get your ABCs naturally at bulk barn

Bulk Barn is one of my favorite stores. What is not to like about a place where you can get all sorts of baking supplies, whole grains, organic ingredients and british candy all under one roof with the added benefit of buying in bulk? As I have mentioned before, my trips years ago to the Bulk Barn used to be all about the candy, and the rows of brightly coloured goodies are still mighty tempting, but now I see them in a different light. Most of the stuff is artificially coloured and flavoured, not to mention other yucky things like preservatives, high fructose corn syrup, etc. So, the other day I thought I’d see if I could find any candy that was relatively “natural” which I could use as fun toppings on my cupcakes. Well, the interesting thing was there was a small section of “natural” candies which were made with real fruit juice, but only ONE of the candies had ONLY natural colour and flavour – alphabet gummies. My only problem was after scooping out quite a few, I ended up with not a great variety of letters, much like a frustrating game of scrabble. I will have to go back and take a closer look at the letters in the bin – it would be nice to be able to spell something!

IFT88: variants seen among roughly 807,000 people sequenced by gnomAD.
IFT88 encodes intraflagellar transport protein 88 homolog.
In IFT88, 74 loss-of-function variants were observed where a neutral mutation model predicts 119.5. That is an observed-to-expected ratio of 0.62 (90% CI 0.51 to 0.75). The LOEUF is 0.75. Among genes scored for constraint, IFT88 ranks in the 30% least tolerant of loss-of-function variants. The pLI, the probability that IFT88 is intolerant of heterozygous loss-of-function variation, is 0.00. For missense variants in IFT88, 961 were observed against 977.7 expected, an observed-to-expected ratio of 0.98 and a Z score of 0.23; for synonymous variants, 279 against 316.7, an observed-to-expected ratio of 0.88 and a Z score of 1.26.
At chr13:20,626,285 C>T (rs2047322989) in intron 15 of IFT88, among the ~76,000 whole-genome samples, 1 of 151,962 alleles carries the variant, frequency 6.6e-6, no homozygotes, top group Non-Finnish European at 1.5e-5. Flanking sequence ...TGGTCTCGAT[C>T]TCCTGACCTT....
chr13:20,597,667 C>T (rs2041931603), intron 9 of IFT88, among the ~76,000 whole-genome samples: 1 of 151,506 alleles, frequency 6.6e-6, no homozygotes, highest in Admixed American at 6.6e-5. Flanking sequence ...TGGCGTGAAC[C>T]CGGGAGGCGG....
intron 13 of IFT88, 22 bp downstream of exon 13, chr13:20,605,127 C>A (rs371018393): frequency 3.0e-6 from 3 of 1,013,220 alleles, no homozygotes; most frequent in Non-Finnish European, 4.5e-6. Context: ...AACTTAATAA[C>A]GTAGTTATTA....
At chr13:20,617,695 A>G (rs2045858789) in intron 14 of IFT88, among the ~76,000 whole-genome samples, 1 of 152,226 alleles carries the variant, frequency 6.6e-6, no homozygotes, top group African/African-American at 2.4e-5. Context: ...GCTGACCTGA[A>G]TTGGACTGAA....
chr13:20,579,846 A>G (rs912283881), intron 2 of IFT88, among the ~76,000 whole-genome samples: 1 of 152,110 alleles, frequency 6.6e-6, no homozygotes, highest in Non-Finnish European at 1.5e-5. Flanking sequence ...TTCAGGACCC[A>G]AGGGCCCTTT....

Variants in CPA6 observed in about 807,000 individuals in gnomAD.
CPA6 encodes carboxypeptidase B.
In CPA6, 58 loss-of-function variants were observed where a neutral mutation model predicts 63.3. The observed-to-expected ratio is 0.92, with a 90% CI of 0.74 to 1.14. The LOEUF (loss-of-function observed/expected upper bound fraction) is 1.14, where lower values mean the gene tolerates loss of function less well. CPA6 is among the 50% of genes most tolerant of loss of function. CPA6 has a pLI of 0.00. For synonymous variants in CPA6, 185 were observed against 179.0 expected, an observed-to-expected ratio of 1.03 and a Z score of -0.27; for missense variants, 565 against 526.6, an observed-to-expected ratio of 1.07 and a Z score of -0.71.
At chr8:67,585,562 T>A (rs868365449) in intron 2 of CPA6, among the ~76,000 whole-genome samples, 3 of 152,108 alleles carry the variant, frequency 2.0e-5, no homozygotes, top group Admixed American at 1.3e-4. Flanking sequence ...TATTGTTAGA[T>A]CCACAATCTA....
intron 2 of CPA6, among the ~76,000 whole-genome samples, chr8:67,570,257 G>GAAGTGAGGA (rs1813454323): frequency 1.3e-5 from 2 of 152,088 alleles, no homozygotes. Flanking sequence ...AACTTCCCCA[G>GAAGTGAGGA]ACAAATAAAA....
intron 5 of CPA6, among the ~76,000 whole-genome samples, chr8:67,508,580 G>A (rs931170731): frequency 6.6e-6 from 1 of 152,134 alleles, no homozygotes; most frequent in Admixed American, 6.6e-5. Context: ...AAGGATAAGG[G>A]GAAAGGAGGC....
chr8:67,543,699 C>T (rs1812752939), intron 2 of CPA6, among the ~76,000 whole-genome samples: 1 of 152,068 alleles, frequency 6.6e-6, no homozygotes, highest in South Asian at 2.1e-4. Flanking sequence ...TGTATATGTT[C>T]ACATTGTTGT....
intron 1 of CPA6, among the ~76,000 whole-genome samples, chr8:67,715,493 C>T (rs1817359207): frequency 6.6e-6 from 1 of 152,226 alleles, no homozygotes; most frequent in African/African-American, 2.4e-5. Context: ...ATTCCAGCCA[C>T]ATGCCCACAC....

Oh and yes, they taste and feel like real gummy candies. Nice to know I can get something like this close to home rather than making the trek to a large natural foods store…


morning lemon – sweet sparkles

lemonadelabel1.jpgSo, being pregnant, I have a bit of an exaggerated sweet tooth. I try to keep it in check as best I can, but I figure, hey – I may only get this chance once so I might as well indulge a bit! Of course, even though I want something sweet, it doesn’t mean I want something loaded with high fructose corn syrup and artificial additives. At one of my favorite stores down the street Farmer’s Daughter, I often peek at/covet the elegant bottles of french lemonade. So the other day I thought – today’s the day I’m just going to let myself have one. There is good reason why I don’t indulge in these bottles more often, and it has nothing to do with the ingredients – it’s the price. The bottle I picked up was $7.25 (yikes) so if you ever see them anywhere for less than that, you’re getting a deal.

lemonadelabel2.jpgA short ingredient list – that’s what I love. Especially in these lemonades (I got the classic “french” style which is clear, but there is also a more lemony one, and pink, plus a few other interesting drinks in their product line) when all you’re looking at is carbonated water, beet sugar (as opposed to cane sugar) citric acid, and lemon aroma (which I’m assuming is from some sort of herb – maybe lemon balm?) The pink lemonade is coloured with elderberry concentrate – nice. As it clearly states on the bottle “contains no juice” – so it’s not a nutritional drink, it’s a treat. But a treat you can feel pretty good about instead of having a soda. I’m sure they would make a great mixer for alcoholic drinks at parties as well – I’ll have to get back to you about that sometime next year…

5% to willow breast cancer support at whole foods